Obama Jilts Israel for the Muslim World

By Muravchik, Joshua | Moment, May-June 2010 | Go to article overview

Obama Jilts Israel for the Muslim World


Muravchik, Joshua, Moment


Relations between Israel and the United States have reached their worst pass since the Eisenhower years, if not ever. The reason seems to be that President Barack Obama wants it that way. One of the chief goals of his foreign policy has been to improve America's standing in the eyes of the Muslim world. Toward that end he chose Al Arabiya, the Arabic-language satellite network based in Dubai, for his first presidential television interview. Soon after, he delivered a major address to the Turkish parliament and followed that with a speech to the Muslim world in Cairo last April.

That speech was filled with false analogies. For example, the president mentioned the right to wear the hijab no fewer than three times (an apparent reference to rules in French public schools and Turkish government offices that prohibit it) without mentioning once the far broader and deeper issue of the right of Muslim women not to be forced into hijabs or other extreme and awkward coverings. And he drew a parallel between the treatment of Coptic Christians in Egypt and the fact that IRS regulations do not grant tax deductions for donations to foreign organizations, which he said exemplified the invidious treatment of Muslims under American law.

The absurdity of this comparison was underscored by the very platform from which he spoke. He was co-hosted by Al Azhar University. In addition to being the preeminent seat of Sunni learning, Al Azhar offers degrees in engineering, medicine, even dentistry and pharmacology. But only to Muslims. It is a state-sponsored university, financed by the taxes of all Egyptians, but Egyptian Christians are barred from admission.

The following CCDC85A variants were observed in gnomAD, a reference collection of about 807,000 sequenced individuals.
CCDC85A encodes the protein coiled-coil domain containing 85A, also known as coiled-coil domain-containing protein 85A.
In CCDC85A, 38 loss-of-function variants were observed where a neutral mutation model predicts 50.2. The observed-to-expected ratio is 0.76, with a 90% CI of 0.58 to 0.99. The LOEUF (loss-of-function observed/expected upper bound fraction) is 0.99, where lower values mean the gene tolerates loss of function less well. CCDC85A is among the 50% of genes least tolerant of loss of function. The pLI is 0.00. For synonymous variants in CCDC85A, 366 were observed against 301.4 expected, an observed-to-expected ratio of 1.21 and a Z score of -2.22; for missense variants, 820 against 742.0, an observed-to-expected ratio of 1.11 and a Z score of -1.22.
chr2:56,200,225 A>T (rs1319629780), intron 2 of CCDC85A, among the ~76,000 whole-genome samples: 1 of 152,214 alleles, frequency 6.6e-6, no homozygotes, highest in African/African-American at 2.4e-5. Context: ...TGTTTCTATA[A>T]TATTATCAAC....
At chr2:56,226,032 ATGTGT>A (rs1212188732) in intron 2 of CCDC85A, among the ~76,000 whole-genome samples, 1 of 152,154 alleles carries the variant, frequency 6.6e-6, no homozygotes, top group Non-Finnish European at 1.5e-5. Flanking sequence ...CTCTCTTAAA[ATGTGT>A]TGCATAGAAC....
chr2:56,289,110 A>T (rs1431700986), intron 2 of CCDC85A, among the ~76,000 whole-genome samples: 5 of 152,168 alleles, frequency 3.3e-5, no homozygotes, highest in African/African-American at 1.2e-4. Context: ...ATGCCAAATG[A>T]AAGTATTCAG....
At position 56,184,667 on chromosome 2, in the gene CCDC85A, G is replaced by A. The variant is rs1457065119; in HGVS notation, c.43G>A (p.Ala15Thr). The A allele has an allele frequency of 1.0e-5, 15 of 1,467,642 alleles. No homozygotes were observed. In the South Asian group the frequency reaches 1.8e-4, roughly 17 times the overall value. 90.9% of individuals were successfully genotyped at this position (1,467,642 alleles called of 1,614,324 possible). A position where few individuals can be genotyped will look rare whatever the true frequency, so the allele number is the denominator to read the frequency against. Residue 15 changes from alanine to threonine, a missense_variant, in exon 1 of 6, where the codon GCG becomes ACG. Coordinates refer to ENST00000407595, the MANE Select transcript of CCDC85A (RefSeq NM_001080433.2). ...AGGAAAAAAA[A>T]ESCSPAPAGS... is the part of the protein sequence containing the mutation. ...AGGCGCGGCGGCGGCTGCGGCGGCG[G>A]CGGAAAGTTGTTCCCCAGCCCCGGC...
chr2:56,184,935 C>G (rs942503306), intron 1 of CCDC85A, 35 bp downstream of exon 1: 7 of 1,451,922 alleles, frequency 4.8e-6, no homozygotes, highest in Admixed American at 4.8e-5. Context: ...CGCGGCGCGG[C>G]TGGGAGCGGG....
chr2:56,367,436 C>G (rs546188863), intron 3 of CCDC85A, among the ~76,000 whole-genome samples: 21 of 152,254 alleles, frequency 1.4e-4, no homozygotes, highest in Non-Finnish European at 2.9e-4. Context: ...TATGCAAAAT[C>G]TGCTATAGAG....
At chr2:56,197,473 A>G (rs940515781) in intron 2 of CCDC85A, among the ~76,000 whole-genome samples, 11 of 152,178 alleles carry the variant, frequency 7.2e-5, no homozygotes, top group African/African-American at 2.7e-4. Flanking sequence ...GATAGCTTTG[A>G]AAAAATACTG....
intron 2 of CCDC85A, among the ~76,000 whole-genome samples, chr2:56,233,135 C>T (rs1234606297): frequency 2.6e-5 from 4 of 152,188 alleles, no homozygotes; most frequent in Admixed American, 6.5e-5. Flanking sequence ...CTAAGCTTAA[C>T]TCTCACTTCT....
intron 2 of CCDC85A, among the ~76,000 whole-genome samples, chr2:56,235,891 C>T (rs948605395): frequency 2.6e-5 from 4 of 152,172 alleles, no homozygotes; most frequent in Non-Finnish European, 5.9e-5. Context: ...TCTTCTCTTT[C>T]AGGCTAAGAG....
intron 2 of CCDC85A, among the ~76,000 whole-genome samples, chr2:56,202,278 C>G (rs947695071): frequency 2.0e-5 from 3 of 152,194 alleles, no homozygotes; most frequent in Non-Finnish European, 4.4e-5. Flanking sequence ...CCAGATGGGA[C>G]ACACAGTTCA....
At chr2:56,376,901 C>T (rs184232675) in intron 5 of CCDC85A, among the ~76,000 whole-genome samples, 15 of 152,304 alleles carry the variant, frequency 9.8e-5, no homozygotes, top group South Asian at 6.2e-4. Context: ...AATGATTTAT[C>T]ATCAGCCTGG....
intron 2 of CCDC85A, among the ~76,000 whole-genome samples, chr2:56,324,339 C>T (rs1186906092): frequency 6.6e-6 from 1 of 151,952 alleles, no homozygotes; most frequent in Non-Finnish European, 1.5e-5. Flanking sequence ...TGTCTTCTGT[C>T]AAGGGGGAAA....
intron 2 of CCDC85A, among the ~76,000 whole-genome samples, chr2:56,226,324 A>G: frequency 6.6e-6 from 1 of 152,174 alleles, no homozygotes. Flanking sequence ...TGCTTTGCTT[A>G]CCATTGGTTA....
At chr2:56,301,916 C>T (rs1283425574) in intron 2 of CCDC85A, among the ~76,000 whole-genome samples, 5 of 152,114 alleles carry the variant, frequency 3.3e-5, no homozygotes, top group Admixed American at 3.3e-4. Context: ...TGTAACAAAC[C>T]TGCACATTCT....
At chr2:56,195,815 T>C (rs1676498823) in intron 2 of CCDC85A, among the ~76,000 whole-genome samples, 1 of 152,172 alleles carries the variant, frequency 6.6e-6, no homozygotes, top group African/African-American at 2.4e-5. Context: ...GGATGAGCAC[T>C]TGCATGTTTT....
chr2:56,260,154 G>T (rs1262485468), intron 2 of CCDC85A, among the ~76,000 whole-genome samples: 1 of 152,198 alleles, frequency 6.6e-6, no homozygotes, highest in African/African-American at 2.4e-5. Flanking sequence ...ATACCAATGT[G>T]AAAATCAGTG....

Obama's speech was interrupted repeatedly by enthusiastic applause, but despite his rhetorical pandering, the theme of regional commentary was that the Muslim world wanted to see him match action to words, especially for the United States to put distance between itself and Israel. So this year, Obama proceeded to grant their wish, ginning up a confrontation with Israel over construction in East Jerusalem by making demands beyond what previous U.S. administrations or the Palestinian Authority itself had required as a precondition for peace talks.

This same president who had ignored rebuffs and insults in order to keep an open hand extended to the rulers of Iran, Syria and Venezuela now gave the back of his hand to Israeli Prime Minister Benjamin Netanyahu.

To be sure, Netanyahu is difficult to deal with, and his right-of-center coalition is unlikely to approve the concessions that Israel will have to make in any settlement with the Palestinians. But this is not what prevents peace. If the Palestinian body politic was ready for peace with Israel, either Netanyahu and company would change their spots or they would be swept from office, because the Israeli people want nothing more than peace.

The Zionists accepted the UN's 1947 partition plan. …

The rest of this article is only available to active members of Questia

Already a member? Log in now.